Yesterday in part 1 of this post we reviewed a new paper on pterosaur pelves by Hyder et al. (2012). Today we’ll continue.
Hyder et al. report, “…the anurognathid pelvis remains poorly known and all examples are preserved in relatively uninformative dorsal views.” This is not true. Those pelves have just not been traced and reconstructed in the literature, which appears to be where Hyder et al. got their data. Close examination employing DGS (digital graphic segregation) revealed the shapes of several anurognathid pelves seen here as a group (click here to see them individually). Hyder et al. report, “the ischia and the pubes are mostly unfused, a feature reflecting the immaturity of the best-known Anurognathus specimen.” This is not true. All anurognathids fuse the pubis and ischium. In the flathead anurognathid, SMNS 81928, mislabeled Anurognathus by Bennett (2007), the pubis and ischium are sutured, not fused. Since embryo pterosaurs were virtually identical to adult pterosaurs, and tiny pterosaurs were no larger than embryos of larger pterosaurs (as in birds and bats) there is currently no way (other than phylogenetic analysis or an eggshell) to tell the maturity levels of a pterosaur.
Campylognathoidids and kin
Hyder et al. (2012) report, “to our knowledge, only one complete pelvis is known but difficult to interpret…” I found several, starting here, and then one should include Nesodactylus as well. Hyder et al. (2012) report, “What can be seen of the pelves in Eudimorphodon, Carniadactylus and Campylognathoides suggests the preacetabular processes of some may be short.” Not true, and Carniadactylus is a proto-anurognathid. It doesn’t belong with this group. All members had a substantial preacetabular process. Campys have a particular combination of a very short pubis and the large prepubes among all pterosaurs. Throughout their evolution the ischium became more robust.
Rhamphorhynchus and Dorygnathus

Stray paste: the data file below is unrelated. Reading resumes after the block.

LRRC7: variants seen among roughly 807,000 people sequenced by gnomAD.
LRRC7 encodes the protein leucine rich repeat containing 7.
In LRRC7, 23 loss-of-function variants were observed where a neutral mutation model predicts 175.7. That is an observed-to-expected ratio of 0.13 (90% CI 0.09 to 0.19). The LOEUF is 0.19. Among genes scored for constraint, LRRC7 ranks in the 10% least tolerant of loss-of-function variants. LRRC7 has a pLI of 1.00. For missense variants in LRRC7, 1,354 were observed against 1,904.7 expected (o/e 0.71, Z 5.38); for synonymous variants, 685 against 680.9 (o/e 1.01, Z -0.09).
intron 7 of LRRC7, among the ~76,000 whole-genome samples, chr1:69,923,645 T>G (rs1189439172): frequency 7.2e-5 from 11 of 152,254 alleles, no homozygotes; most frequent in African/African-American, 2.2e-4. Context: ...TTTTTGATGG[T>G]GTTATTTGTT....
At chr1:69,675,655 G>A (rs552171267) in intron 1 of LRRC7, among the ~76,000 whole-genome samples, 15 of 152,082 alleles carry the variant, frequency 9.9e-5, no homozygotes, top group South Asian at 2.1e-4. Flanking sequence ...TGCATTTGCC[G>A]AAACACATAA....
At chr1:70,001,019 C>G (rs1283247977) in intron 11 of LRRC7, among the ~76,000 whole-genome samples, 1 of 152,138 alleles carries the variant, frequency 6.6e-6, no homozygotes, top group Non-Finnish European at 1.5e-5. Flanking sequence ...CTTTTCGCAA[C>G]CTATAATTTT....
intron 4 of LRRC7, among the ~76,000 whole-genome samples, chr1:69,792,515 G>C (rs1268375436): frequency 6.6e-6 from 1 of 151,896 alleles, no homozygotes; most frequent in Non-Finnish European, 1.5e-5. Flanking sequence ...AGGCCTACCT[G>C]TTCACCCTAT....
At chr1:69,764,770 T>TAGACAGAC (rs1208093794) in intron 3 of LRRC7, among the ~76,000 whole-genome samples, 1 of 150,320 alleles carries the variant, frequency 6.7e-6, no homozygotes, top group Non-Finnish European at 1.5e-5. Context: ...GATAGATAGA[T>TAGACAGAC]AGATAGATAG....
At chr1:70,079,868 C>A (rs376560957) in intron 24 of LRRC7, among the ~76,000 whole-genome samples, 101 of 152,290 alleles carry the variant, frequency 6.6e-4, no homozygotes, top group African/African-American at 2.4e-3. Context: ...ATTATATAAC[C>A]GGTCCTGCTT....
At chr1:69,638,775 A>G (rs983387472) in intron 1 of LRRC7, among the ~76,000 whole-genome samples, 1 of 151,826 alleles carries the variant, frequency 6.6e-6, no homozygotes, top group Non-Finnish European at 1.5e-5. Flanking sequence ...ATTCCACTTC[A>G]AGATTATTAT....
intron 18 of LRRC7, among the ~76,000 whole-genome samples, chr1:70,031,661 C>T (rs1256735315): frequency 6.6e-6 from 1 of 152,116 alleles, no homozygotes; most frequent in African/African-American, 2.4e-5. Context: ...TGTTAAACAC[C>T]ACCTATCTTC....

Hyder et al. (2012) follow several recent studies that lump these two taxa together, and one recent blogger couldn’t correctly identify a skeletal model, but these two taxa both share a common ancestor in tiny Eudimorphodon comptonellus and several intervening taxa on both branches. Hyder et al. (2012) considered these pelves similar, and they are, more less, sans the prepubes, which are completely different in morphology. The illustration of the MBR specimen of Dorygnathus presented by Hyder et al. (2012, Fig. 1) appears to fill in certain gaps that were generally present on other Dorys. They also appear to have filled in the gap between the ilium and pubis, lengthening it somewhat.
Darwinopterus and kin
Unfortunately Hyder et al. (2012) accepted prior drawings of two pelves in Darwinopterus rather than testing the tracings.
Hyder et al. (2012) report, “The pelvis of Darwinopterus modularis is known in forms with both closed and open pelvic canals (ZMNH M8782 and M8802, respectively; Lü et al. 2010, Lü and Fucha 2011).” Since Darwinopterus would have had a cloaca, a closed pelvic canal is not possible. They must have meant something else. They also report, “D. robustodens also has a unique preacetabular morphology among pterosaurs, being not only relatively robust, but arcing dorsally so that its termination points anteroventrally.”
Revised January 25, 2014:
Always consider the possibility of a misinterpretation if you found something “unique” because that’s not the way evolution works. Here are the two interpretations of the D. robustodens pelvis and prepubis. More details on this here.
As always, I encourage readers to see specimens, make observations and come to your own conclusions. Test. Test. And test again.
Evidence and support in the form of nexus, pdf and jpeg files will be sent to all who request additional data.
Hyder ES, Witton MP and Martill DM 201X. Evolution of the pterosaur pelvis. Acta Palaeontologica Polonica 5X (X): xxx-xxx. http://dx.doi.org/10.4202/app.2011.1109